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A Meal From History: Beef Stew Tonight

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There is beef stew tonight
 
Done in the slow cooker.
 
S L O W
 
Which
 
(Admittedly}
 
Is Not Historic.
 
But
 
The stew itself:
 
There is so much beef …
 
(How much?)
 
So many cubes of beef
 
That
 
There isn’t any room for the potatoes.
 
No spuds
 
Nary a pomme de terre.
 
Onions – of course.
 
Carrots – why, yes.
 
And turnip
 
Rutabaga
 
R U T A B A G A
 
(I luvs the word because
It really looks like what it is
A true root vegetable that
You have to hack apart).
 
All bubble bubble
(but no trouble)
Together in its
Slow Cooker
Which isn’t really
Historic
But I do think
“Cauldron”.
 
And then
 
Speaking of “Cauldron”
 
This bubble bubble
(but no trouble)
Stew
Is going to be served
 
On buttered heels
 
From numerous loaves,
Of bread.
 
Trencherman fare upon
 
Sopping sops.
 
[Should I tell
How Heavenly it
Smells
Upon
Entering the kitchen?]
 
Why – yes! – I should.
 
Surely ale should
Accompany this stew!
 
But
 
What about redred
 
Wine?

Spaghetti Before The Storm

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I was going to make spaghetti for the weekend but an ‘end of the world’ freezing rain storm is (literally) on the horizon, so …

Spaghetti tonight.

And since I did not have enough spaghetti noodles (nor redred wine) I had to brave the mean little snow flakes that felt as if they were cutting my face, and get both.

Happily, all the other ingredients were already in place, and the process began.

Two cans of prepared tomato sauce (with roasted garlic). Two large onions. Two stalks of celery. Five cloves of garlic. Chop everything that is to be chopped, with no piece larger than your thumbnail. Put them into the pot of prepared sauce. Put on low heat.

Take as much lean hamburger as you think is healthy (I stop at a kilogram/two pounds). Put some of the chopped garlic and onion in a frying pan with a couple tablespoons of olive oil. Cook them up until the kitchen smells wonderful. Add the hamburger. Let it all cook as you stir them up. Stop when the meat is brown.

Add the meat to the pot. I never drain. And a half cup of whatever wine you are going to drink with the spaghetti.  And two tablespoons of Parmesan cheese. Add a quarter teaspoon of sugar. Bring to a bubbling boil while stirring. Reduce heat and simmer for two hours, stirring a few times per half hour.

Pour on cooked spaghetti noodles.

Sprinkle on an outlandish amount of Parmesan cheese

Drink a glass or two of the wine.

My father, who helped liberate Italy in the Second World War, told of the time he was invited  into a farmhouse to share a meal. Spaghetti sauce was simmering away in a cauldron in a fireplace. He was told that same sauce had been simmering for decades.

[image] https:/cdn.pixabay.com/photo/2015/02/01/16/23/pot-619785_640.jpg

Italian Onion Meal From The Liver (Not The Heart) of The Fourteenth Century ~Fegato alla Veneziana

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(photo) https://www.zainoo.com/media/medium/4603.JPEG

As I wend my way through my second Onion novel, China Lily, which is taking too, too, long to put into the computer, I approach page 300. The end is in sight.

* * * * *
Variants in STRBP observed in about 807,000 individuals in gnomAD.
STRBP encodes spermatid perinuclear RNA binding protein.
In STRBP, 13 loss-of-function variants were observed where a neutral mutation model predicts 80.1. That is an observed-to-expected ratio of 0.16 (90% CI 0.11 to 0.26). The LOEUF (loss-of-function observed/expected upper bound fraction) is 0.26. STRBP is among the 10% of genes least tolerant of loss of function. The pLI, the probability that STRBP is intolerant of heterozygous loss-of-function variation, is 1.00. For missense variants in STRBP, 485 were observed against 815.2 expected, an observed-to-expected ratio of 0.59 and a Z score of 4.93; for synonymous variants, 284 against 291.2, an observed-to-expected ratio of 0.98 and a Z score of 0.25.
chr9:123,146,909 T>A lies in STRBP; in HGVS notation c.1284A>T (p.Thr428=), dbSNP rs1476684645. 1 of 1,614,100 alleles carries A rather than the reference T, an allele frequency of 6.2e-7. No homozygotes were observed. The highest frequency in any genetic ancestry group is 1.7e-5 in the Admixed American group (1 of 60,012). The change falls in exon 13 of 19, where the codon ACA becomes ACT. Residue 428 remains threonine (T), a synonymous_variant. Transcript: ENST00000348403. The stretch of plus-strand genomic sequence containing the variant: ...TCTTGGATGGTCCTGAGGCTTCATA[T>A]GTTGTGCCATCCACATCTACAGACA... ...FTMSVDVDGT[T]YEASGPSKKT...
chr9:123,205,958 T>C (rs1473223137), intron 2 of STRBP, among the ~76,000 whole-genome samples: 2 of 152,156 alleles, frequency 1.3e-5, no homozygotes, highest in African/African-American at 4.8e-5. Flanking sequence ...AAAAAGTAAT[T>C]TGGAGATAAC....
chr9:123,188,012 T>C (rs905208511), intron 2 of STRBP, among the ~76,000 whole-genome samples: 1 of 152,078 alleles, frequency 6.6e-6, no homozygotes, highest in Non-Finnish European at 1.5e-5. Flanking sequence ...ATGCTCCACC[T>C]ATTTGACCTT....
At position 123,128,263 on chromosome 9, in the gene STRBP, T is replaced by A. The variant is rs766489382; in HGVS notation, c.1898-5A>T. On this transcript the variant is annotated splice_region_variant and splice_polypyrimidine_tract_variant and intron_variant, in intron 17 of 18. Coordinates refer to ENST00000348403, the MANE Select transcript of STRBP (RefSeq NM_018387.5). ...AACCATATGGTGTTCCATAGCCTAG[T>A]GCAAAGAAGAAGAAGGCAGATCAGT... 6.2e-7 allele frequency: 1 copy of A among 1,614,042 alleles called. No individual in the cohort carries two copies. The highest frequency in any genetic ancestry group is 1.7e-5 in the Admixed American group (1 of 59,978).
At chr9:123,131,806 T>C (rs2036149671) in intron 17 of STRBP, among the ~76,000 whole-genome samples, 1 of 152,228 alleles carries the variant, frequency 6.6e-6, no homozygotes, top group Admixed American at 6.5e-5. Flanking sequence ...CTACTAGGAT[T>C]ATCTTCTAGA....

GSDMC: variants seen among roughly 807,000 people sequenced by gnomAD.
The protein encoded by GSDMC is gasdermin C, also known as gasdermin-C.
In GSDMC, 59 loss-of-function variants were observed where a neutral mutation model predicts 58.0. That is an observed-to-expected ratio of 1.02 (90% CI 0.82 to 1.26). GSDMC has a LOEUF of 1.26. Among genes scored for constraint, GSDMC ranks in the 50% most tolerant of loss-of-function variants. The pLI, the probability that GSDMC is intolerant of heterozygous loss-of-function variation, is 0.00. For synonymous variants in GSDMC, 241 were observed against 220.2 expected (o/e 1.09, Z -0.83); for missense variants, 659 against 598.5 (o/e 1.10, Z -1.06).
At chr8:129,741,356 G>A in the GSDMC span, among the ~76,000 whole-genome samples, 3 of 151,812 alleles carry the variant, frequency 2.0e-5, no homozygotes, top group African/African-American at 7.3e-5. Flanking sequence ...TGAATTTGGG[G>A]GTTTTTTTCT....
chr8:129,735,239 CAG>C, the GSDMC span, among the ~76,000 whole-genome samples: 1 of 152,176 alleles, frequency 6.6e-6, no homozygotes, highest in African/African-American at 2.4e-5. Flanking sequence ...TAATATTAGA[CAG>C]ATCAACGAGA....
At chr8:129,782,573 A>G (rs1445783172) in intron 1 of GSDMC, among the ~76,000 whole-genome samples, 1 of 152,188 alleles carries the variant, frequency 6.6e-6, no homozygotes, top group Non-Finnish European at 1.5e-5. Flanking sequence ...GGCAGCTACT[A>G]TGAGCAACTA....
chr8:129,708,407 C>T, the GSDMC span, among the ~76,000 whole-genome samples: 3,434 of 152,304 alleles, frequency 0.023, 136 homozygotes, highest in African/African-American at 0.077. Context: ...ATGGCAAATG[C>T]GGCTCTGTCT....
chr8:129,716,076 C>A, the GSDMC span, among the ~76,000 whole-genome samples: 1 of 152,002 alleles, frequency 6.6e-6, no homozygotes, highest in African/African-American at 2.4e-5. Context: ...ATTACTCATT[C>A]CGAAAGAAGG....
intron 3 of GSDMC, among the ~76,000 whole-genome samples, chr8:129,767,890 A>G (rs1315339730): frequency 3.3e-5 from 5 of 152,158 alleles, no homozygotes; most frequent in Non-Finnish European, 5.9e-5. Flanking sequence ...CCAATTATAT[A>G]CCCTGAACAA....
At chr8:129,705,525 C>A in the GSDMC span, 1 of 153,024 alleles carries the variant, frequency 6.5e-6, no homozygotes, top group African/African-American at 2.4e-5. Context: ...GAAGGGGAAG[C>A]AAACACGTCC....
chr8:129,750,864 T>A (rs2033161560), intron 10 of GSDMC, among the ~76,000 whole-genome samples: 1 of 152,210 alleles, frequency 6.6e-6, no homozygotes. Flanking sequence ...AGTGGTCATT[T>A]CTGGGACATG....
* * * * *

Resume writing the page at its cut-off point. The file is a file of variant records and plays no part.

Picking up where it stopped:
My intent was to write a trilogy that followed a Fourth Century Italian farm family, as it developed into an International business empire. There was to be 1,000 years between the first and second book, and the third book was to be set in the present day.

I confess, my interest might not be sustained for the third novel.

However, as I soon describe this recipe – and its creation – in detail, I thought it might make someone a nice supper.

Fittingly, this recipe is from Harry’s Bar, in Venice.

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When we visited Venice, we asked the locals where to find the definitive calf’s liver and onions. Everyone said Harry’s Bar, and, after trying it there—and lots of other places—we had to agree. This is Harry’s recipe.

Find this recipe in our cookbook, SAVEUR: Italian Comfort Food

serves 6

Ingredients

2 lb. calf’s liver, trimmed and thin membrane peeled off
6 tbsp. extra-virgin olive oil
6 small yellow onions, peeled, halved, and very thinly sliced
Salt and freshly ground black pepper
3 tbsp. butter
12 bunch parsley, trimmed and chopped

Instructions

Cut liver lengthwise into 4 long pieces, then, using a very sharp knife and pressing the palm of your hand firmly against the meat, slice each piece crosswise into pieces as thin as possible.
Heat 4 tbsp. of the olive oil in a large skillet over medium heat. Add onions and cook, stirring frequently, until soft and deep golden brown, about 20 minutes.
Transfer onions with a slotted spoon to a bowl and set aside.
Increase heat to medium-high and add remaining 2 tbsp. oil. When oil is sizzling hot, add liver and cook, in batches to avoid overcrowding the skillet, stirring constantly with a wooden spoon, until brown and crispy on the edges, 3-5 minutes. Season liberally with salt and pepper, then add reserved onions and accumulated juices. Cook for 2 minutes, stirring and turning liver and onions constantly while shaking skillet over heat. Transfer to a heated serving platter.
Add butter to skillet and scrape up any brown bits stuck to bottom of skillet as butter melts. Remove skillet from heat and stir in parsley. Spoon butter and parsley over liver and onions. Serve with Grilled Polenta, if you like.
https://www.saveur.com/article/Recipes/Calfs-Liver-and-Onions

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